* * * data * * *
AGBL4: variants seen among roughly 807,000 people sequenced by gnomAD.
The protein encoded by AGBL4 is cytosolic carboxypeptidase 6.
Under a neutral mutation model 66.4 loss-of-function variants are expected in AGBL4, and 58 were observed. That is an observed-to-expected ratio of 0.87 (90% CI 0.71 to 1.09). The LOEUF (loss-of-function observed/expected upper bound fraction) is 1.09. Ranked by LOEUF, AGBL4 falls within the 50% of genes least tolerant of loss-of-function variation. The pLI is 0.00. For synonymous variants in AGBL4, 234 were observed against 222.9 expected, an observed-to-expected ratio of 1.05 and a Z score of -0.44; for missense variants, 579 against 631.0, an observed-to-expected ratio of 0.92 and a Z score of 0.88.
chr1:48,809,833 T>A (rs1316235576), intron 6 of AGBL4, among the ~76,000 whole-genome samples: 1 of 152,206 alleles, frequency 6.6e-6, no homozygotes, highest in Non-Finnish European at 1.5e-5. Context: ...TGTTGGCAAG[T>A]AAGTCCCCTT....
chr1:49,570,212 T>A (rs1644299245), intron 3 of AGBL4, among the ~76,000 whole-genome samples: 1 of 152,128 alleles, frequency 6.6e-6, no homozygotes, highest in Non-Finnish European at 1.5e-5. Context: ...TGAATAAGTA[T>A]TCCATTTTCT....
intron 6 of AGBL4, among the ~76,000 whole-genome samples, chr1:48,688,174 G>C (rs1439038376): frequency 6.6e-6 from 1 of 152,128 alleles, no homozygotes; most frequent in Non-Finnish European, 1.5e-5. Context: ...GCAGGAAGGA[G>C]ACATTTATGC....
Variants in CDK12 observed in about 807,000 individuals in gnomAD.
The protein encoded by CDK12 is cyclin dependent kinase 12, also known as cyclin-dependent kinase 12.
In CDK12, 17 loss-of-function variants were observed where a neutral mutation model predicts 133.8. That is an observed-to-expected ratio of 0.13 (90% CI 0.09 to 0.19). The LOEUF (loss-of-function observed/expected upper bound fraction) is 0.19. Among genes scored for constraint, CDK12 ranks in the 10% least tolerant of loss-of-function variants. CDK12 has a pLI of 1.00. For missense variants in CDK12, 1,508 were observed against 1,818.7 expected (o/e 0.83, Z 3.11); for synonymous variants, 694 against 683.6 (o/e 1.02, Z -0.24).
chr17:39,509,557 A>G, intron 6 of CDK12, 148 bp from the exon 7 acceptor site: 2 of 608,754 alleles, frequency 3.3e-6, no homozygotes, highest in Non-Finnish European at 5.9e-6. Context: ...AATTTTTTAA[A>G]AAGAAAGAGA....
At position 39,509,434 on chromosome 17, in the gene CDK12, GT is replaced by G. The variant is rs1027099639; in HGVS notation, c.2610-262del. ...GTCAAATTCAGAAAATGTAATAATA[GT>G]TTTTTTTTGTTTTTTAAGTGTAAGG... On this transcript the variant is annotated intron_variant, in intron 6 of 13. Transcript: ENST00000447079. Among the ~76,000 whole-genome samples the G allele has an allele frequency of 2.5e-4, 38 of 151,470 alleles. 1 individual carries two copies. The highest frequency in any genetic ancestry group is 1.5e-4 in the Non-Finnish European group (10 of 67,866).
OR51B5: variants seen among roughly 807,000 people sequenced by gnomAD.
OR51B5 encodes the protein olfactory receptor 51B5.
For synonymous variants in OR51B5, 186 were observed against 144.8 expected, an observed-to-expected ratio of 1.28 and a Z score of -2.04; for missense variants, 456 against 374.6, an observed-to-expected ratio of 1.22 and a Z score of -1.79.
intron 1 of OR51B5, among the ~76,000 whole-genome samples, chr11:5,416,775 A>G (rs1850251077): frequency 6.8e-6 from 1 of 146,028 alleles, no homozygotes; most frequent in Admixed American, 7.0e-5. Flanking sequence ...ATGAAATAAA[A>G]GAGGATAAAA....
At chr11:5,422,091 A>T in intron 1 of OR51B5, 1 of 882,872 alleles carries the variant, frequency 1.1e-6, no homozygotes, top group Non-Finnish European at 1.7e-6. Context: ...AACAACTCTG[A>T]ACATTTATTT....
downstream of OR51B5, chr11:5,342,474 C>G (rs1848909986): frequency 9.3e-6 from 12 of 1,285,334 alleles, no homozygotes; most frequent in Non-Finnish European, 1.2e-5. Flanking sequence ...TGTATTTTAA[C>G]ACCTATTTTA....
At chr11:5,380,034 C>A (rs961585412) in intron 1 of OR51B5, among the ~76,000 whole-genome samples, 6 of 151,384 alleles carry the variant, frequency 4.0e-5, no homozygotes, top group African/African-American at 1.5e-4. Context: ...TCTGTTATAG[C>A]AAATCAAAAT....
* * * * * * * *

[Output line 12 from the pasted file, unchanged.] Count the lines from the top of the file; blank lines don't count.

OR51B5: variants seen among roughly 807,000 people sequenced by gnomAD.